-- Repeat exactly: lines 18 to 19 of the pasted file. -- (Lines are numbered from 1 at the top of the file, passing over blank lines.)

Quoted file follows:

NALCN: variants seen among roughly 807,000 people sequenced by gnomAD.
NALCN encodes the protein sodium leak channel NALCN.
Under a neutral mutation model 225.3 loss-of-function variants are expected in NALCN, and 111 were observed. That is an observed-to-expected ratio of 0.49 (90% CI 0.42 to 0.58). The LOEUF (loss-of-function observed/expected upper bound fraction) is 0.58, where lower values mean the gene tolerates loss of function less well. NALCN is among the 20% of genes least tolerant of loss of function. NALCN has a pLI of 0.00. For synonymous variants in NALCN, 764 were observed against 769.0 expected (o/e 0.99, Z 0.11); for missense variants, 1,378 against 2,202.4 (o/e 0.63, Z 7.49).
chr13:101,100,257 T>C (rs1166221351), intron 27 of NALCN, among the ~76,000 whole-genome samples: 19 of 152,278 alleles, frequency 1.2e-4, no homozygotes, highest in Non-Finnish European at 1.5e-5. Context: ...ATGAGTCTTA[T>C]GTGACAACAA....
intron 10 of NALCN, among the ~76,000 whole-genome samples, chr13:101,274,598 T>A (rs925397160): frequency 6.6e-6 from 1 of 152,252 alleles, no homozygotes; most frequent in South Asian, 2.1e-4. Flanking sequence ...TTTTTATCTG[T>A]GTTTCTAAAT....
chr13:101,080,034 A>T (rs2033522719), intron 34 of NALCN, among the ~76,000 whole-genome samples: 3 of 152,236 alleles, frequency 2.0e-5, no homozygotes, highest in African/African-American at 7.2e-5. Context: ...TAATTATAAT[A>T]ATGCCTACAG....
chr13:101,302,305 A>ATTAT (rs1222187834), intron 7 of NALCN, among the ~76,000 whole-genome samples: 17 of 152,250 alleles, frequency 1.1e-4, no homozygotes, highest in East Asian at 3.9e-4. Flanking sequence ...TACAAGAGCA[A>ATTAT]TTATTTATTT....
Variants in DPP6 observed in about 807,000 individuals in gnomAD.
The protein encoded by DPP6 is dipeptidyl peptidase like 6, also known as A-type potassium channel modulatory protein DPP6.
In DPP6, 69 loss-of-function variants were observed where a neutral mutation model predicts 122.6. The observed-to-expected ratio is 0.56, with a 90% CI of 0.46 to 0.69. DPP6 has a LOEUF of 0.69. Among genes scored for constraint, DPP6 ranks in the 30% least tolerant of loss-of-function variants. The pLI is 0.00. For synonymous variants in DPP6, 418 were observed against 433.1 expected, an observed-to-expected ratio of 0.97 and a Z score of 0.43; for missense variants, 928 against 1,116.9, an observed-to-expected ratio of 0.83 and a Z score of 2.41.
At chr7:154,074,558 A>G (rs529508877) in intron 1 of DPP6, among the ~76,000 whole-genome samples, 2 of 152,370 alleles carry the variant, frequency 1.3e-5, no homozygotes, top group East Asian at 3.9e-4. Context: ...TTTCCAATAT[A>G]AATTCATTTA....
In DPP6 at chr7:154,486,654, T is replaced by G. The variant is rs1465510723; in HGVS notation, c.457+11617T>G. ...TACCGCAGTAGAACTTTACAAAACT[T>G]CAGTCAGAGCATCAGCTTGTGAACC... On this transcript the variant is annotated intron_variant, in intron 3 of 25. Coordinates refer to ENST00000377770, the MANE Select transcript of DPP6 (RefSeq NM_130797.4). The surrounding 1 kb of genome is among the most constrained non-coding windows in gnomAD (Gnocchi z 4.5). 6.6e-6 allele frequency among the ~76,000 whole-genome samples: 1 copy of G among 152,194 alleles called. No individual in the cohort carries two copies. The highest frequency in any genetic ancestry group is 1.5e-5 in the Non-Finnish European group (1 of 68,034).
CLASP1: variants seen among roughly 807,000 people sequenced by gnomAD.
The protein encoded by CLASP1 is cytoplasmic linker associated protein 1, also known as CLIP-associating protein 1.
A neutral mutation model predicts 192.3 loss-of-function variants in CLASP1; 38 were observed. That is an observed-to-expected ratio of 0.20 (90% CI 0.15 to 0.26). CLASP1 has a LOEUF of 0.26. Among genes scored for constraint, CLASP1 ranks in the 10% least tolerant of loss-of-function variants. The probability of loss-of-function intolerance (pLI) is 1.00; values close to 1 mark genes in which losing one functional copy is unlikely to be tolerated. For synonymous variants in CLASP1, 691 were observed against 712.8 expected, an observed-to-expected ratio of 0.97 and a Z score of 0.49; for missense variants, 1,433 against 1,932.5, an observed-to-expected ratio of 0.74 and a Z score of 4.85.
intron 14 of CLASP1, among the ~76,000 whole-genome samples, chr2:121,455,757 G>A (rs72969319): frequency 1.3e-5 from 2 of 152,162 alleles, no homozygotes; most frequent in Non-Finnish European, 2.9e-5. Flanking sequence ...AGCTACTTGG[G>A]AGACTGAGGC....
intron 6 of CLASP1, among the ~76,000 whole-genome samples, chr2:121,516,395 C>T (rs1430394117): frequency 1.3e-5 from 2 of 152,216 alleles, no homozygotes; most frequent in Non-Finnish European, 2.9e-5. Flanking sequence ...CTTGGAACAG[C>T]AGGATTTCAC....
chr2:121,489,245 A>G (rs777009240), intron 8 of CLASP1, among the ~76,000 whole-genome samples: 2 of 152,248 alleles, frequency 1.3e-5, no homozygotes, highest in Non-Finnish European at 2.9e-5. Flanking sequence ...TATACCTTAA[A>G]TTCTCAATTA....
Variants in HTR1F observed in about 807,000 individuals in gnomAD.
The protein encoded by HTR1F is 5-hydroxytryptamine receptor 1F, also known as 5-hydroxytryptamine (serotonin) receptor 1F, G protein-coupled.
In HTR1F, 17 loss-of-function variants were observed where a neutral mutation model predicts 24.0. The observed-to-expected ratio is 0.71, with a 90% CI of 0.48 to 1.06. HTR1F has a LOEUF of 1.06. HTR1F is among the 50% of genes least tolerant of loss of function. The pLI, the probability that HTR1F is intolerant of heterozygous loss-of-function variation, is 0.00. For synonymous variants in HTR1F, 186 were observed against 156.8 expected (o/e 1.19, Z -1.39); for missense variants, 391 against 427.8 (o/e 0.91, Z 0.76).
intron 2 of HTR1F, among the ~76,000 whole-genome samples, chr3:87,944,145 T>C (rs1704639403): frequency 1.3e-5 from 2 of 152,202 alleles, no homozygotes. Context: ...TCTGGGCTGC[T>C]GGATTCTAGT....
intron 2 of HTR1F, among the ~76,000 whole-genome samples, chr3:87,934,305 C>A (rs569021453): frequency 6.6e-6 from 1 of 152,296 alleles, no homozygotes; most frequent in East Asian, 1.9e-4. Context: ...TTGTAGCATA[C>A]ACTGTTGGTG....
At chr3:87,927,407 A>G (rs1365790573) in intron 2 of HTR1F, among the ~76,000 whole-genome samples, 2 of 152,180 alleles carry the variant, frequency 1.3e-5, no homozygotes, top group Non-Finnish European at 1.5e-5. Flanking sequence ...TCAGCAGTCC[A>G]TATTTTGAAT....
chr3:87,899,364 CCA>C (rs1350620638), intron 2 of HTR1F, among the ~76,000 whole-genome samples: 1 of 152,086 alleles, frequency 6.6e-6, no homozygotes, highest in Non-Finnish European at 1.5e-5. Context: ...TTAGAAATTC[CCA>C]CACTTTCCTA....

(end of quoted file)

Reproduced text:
chr2:121,489,245 A>G (rs777009240), intron 8 of CLASP1, among the ~76,000 whole-genome samples: 2 of 152,248 alleles, frequency 1.3e-5, no homozygotes, highest in Non-Finnish European at 2.9e-5. Flanking sequence ...TATACCTTAA[A>G]TTCTCAATTA....
Variants in HTR1F observed in about 807,000 individuals in gnomAD.